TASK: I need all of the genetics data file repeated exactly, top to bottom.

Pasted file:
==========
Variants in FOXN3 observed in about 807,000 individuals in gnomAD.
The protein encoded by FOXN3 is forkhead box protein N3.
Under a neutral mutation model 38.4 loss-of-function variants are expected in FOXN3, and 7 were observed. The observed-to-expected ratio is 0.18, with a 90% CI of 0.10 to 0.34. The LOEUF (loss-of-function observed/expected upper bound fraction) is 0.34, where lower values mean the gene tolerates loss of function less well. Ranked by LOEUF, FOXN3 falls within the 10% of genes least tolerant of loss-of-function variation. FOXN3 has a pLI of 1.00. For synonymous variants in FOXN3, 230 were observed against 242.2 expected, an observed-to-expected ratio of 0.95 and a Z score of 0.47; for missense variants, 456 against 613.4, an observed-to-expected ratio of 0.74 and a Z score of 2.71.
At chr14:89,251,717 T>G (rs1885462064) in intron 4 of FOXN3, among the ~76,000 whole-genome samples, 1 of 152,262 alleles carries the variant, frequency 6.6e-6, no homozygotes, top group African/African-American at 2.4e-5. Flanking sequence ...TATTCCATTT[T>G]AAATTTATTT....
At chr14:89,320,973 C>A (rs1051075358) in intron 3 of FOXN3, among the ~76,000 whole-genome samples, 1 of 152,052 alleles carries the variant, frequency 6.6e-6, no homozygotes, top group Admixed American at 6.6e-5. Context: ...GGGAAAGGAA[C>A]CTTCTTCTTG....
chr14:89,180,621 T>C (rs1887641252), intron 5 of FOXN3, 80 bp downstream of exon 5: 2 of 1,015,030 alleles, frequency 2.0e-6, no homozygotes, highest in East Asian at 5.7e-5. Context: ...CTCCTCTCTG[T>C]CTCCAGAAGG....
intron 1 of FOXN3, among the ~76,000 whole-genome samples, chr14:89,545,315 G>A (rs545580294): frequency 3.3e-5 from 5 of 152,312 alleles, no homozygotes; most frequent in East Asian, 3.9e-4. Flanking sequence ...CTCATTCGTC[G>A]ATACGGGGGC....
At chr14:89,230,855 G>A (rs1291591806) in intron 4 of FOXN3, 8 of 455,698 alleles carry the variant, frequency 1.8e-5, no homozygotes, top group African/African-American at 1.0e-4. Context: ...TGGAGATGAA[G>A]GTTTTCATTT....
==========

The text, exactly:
Variants in FOXN3 observed in about 807,000 individuals in gnomAD.
The protein encoded by FOXN3 is forkhead box protein N3.
Under a neutral mutation model 38.4 loss-of-function variants are expected in FOXN3, and 7 were observed. The observed-to-expected ratio is 0.18, with a 90% CI of 0.10 to 0.34. The LOEUF (loss-of-function observed/expected upper bound fraction) is 0.34, where lower values mean the gene tolerates loss of function less well. Ranked by LOEUF, FOXN3 falls within the 10% of genes least tolerant of loss-of-function variation. FOXN3 has a pLI of 1.00. For synonymous variants in FOXN3, 230 were observed against 242.2 expected, an observed-to-expected ratio of 0.95 and a Z score of 0.47; for missense variants, 456 against 613.4, an observed-to-expected ratio of 0.74 and a Z score of 2.71.
At chr14:89,251,717 T>G (rs1885462064) in intron 4 of FOXN3, among the ~76,000 whole-genome samples, 1 of 152,262 alleles carries the variant, frequency 6.6e-6, no homozygotes, top group African/African-American at 2.4e-5. Flanking sequence ...TATTCCATTT[T>G]AAATTTATTT....
At chr14:89,320,973 C>A (rs1051075358) in intron 3 of FOXN3, among the ~76,000 whole-genome samples, 1 of 152,052 alleles carries the variant, frequency 6.6e-6, no homozygotes, top group Admixed American at 6.6e-5. Context: ...GGGAAAGGAA[C>A]CTTCTTCTTG....
chr14:89,180,621 T>C (rs1887641252), intron 5 of FOXN3, 80 bp downstream of exon 5: 2 of 1,015,030 alleles, frequency 2.0e-6, no homozygotes, highest in East Asian at 5.7e-5. Context: ...CTCCTCTCTG[T>C]CTCCAGAAGG....
intron 1 of FOXN3, among the ~76,000 whole-genome samples, chr14:89,545,315 G>A (rs545580294): frequency 3.3e-5 from 5 of 152,312 alleles, no homozygotes; most frequent in East Asian, 3.9e-4. Flanking sequence ...CTCATTCGTC[G>A]ATACGGGGGC....
At chr14:89,230,855 G>A (rs1291591806) in intron 4 of FOXN3, 8 of 455,698 alleles carry the variant, frequency 1.8e-5, no homozygotes, top group African/African-American at 1.0e-4. Context: ...TGGAGATGAA[G>A]GTTTTCATTT....